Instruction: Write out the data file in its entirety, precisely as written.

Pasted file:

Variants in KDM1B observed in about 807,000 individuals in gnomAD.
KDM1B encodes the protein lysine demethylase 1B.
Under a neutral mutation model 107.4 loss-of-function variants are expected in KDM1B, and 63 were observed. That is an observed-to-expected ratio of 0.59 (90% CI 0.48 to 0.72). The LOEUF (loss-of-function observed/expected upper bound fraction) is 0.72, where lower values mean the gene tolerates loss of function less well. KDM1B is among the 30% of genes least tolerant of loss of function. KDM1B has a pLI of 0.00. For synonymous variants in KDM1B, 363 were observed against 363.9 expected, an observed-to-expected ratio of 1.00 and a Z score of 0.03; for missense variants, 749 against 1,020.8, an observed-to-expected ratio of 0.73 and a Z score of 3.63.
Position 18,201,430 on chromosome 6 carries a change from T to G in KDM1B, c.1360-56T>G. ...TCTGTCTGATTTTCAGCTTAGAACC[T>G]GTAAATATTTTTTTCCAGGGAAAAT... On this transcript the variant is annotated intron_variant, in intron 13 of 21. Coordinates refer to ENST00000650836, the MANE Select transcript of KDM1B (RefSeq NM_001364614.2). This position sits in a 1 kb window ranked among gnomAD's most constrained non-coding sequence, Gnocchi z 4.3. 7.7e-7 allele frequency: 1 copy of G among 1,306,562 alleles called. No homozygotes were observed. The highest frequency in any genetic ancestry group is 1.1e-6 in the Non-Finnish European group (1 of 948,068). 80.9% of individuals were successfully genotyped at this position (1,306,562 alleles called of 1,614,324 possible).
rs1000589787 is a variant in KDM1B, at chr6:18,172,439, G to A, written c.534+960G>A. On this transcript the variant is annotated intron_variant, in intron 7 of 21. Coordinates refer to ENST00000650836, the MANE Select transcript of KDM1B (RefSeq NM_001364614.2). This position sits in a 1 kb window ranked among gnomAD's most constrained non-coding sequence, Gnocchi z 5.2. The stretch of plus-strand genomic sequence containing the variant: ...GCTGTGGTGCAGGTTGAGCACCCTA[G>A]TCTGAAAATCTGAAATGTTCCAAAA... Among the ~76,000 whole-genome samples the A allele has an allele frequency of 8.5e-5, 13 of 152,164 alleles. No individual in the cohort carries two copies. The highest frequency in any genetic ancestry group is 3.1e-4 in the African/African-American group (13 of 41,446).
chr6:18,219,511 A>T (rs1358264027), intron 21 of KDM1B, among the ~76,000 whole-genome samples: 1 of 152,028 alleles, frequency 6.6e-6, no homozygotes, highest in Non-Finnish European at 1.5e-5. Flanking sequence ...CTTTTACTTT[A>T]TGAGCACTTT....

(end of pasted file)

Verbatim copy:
Variants in KDM1B observed in about 807,000 individuals in gnomAD.
KDM1B encodes the protein lysine demethylase 1B.
Under a neutral mutation model 107.4 loss-of-function variants are expected in KDM1B, and 63 were observed. That is an observed-to-expected ratio of 0.59 (90% CI 0.48 to 0.72). The LOEUF (loss-of-function observed/expected upper bound fraction) is 0.72, where lower values mean the gene tolerates loss of function less well. KDM1B is among the 30% of genes least tolerant of loss of function. KDM1B has a pLI of 0.00. For synonymous variants in KDM1B, 363 were observed against 363.9 expected, an observed-to-expected ratio of 1.00 and a Z score of 0.03; for missense variants, 749 against 1,020.8, an observed-to-expected ratio of 0.73 and a Z score of 3.63.
Position 18,201,430 on chromosome 6 carries a change from T to G in KDM1B, c.1360-56T>G. ...TCTGTCTGATTTTCAGCTTAGAACC[T>G]GTAAATATTTTTTTCCAGGGAAAAT... On this transcript the variant is annotated intron_variant, in intron 13 of 21. Coordinates refer to ENST00000650836, the MANE Select transcript of KDM1B (RefSeq NM_001364614.2). This position sits in a 1 kb window ranked among gnomAD's most constrained non-coding sequence, Gnocchi z 4.3. 7.7e-7 allele frequency: 1 copy of G among 1,306,562 alleles called. No homozygotes were observed. The highest frequency in any genetic ancestry group is 1.1e-6 in the Non-Finnish European group (1 of 948,068). 80.9% of individuals were successfully genotyped at this position (1,306,562 alleles called of 1,614,324 possible).
rs1000589787 is a variant in KDM1B, at chr6:18,172,439, G to A, written c.534+960G>A. On this transcript the variant is annotated intron_variant, in intron 7 of 21. Coordinates refer to ENST00000650836, the MANE Select transcript of KDM1B (RefSeq NM_001364614.2). This position sits in a 1 kb window ranked among gnomAD's most constrained non-coding sequence, Gnocchi z 5.2. The stretch of plus-strand genomic sequence containing the variant: ...GCTGTGGTGCAGGTTGAGCACCCTA[G>A]TCTGAAAATCTGAAATGTTCCAAAA... Among the ~76,000 whole-genome samples the A allele has an allele frequency of 8.5e-5, 13 of 152,164 alleles. No individual in the cohort carries two copies. The highest frequency in any genetic ancestry group is 3.1e-4 in the African/African-American group (13 of 41,446).
chr6:18,219,511 A>T (rs1358264027), intron 21 of KDM1B, among the ~76,000 whole-genome samples: 1 of 152,028 alleles, frequency 6.6e-6, no homozygotes, highest in Non-Finnish European at 1.5e-5. Flanking sequence ...CTTTTACTTT[A>T]TGAGCACTTT....